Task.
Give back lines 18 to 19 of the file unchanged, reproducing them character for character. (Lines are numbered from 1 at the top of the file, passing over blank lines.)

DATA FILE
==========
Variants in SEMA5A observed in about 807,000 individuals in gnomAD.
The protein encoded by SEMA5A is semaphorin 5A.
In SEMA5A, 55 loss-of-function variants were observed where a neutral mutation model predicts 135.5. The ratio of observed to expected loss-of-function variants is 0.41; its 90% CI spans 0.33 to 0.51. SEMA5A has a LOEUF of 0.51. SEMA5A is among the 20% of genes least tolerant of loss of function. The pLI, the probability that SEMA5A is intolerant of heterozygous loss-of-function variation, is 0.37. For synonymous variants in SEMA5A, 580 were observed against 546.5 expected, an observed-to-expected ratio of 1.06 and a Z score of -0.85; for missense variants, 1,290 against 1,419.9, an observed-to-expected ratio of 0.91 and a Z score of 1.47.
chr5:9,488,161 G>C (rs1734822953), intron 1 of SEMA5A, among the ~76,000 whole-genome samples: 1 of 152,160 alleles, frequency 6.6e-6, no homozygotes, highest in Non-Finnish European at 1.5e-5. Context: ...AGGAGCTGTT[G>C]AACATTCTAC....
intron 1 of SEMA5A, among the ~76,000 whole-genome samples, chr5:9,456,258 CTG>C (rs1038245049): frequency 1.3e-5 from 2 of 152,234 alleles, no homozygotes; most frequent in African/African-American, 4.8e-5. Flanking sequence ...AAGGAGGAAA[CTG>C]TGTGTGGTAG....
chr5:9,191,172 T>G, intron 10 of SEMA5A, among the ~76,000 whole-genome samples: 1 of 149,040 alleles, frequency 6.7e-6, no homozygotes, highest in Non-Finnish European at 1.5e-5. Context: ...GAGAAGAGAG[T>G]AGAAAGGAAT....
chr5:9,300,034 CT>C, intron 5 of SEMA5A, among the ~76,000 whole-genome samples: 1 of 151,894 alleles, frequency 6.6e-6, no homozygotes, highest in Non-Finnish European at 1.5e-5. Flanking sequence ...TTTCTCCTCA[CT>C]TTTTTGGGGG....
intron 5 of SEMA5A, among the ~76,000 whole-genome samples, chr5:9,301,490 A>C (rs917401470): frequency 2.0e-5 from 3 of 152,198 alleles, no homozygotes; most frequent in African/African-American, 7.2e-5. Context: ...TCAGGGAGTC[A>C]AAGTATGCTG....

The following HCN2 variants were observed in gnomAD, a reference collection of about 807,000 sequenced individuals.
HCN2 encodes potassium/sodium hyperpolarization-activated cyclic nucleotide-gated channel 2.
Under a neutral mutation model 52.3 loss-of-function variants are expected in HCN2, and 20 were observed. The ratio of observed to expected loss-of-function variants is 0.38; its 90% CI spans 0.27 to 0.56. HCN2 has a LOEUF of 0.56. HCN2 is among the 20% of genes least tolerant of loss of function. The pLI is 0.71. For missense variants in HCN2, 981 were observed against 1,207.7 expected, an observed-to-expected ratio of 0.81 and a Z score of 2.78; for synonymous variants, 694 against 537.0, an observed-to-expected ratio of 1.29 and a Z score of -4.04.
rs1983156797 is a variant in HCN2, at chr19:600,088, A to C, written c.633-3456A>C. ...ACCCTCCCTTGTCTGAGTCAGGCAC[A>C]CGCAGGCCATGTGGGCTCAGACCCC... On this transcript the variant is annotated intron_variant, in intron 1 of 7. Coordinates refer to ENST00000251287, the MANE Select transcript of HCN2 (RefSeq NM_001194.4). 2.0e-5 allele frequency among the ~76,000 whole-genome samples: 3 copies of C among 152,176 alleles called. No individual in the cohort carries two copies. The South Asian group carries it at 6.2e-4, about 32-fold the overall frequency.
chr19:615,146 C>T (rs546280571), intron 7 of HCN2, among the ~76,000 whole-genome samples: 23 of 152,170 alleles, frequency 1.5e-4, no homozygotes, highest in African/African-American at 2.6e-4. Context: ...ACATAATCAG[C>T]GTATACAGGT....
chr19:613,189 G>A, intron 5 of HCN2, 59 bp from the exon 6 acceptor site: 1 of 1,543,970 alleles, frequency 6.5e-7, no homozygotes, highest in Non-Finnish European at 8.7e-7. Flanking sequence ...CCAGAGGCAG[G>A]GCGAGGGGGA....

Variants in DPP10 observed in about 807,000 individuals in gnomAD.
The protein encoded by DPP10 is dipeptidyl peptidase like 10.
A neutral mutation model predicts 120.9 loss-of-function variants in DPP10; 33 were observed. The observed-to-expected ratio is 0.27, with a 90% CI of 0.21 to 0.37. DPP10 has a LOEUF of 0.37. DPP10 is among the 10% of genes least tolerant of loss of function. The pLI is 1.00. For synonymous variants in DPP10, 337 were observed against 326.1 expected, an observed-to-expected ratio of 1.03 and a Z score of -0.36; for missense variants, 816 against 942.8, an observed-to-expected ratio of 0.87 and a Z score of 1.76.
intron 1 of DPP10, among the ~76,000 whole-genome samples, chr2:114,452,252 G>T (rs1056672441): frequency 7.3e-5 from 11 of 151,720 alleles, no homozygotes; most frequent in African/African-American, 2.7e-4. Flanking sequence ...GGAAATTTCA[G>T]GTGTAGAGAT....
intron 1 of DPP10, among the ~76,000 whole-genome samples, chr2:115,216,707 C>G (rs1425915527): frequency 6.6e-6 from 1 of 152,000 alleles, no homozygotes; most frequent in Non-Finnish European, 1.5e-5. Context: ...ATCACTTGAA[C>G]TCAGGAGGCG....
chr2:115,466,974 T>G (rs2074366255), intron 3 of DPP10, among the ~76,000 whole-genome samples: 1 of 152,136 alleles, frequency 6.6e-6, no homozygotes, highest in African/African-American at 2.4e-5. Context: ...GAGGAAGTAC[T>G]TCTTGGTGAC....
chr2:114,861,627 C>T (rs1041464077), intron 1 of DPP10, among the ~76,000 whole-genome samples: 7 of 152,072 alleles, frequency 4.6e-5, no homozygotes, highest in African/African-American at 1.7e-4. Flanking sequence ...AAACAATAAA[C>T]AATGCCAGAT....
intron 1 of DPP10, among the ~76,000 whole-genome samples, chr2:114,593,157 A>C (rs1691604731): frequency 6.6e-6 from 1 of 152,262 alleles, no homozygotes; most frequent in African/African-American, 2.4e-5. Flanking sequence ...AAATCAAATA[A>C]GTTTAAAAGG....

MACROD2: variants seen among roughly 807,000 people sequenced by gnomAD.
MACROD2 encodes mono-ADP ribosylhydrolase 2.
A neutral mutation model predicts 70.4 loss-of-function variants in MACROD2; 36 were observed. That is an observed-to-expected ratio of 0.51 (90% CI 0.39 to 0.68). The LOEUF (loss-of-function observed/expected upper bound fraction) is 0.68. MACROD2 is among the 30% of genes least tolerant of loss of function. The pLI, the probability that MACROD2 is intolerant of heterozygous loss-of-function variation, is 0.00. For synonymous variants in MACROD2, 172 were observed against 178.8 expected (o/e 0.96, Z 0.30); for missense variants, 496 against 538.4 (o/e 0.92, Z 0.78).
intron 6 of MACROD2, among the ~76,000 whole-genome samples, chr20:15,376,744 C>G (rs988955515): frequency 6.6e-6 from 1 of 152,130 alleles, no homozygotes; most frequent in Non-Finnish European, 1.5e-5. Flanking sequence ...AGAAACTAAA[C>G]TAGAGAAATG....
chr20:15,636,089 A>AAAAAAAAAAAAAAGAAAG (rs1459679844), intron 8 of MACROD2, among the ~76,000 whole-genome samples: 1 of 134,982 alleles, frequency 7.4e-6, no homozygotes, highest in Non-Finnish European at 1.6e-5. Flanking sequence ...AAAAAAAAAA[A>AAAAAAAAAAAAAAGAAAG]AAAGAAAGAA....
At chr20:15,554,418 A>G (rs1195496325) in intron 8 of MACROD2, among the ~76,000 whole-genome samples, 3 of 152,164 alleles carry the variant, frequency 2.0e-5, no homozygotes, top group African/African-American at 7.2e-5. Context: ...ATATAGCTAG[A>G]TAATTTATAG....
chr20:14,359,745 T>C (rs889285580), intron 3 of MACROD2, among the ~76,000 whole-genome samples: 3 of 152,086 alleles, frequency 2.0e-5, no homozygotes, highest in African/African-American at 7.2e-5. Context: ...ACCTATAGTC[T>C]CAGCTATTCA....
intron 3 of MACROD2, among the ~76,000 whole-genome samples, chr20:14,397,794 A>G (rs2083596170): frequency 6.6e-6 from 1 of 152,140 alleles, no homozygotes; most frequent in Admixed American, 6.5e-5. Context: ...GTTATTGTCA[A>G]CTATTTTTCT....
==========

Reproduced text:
intron 1 of DPP10, among the ~76,000 whole-genome samples, chr2:114,452,252 G>T (rs1056672441): frequency 7.3e-5 from 11 of 151,720 alleles, no homozygotes; most frequent in African/African-American, 2.7e-4. Flanking sequence ...GGAAATTTCA[G>T]GTGTAGAGAT....
intron 1 of DPP10, among the ~76,000 whole-genome samples, chr2:115,216,707 C>G (rs1425915527): frequency 6.6e-6 from 1 of 152,000 alleles, no homozygotes; most frequent in Non-Finnish European, 1.5e-5. Context: ...ATCACTTGAA[C>G]TCAGGAGGCG....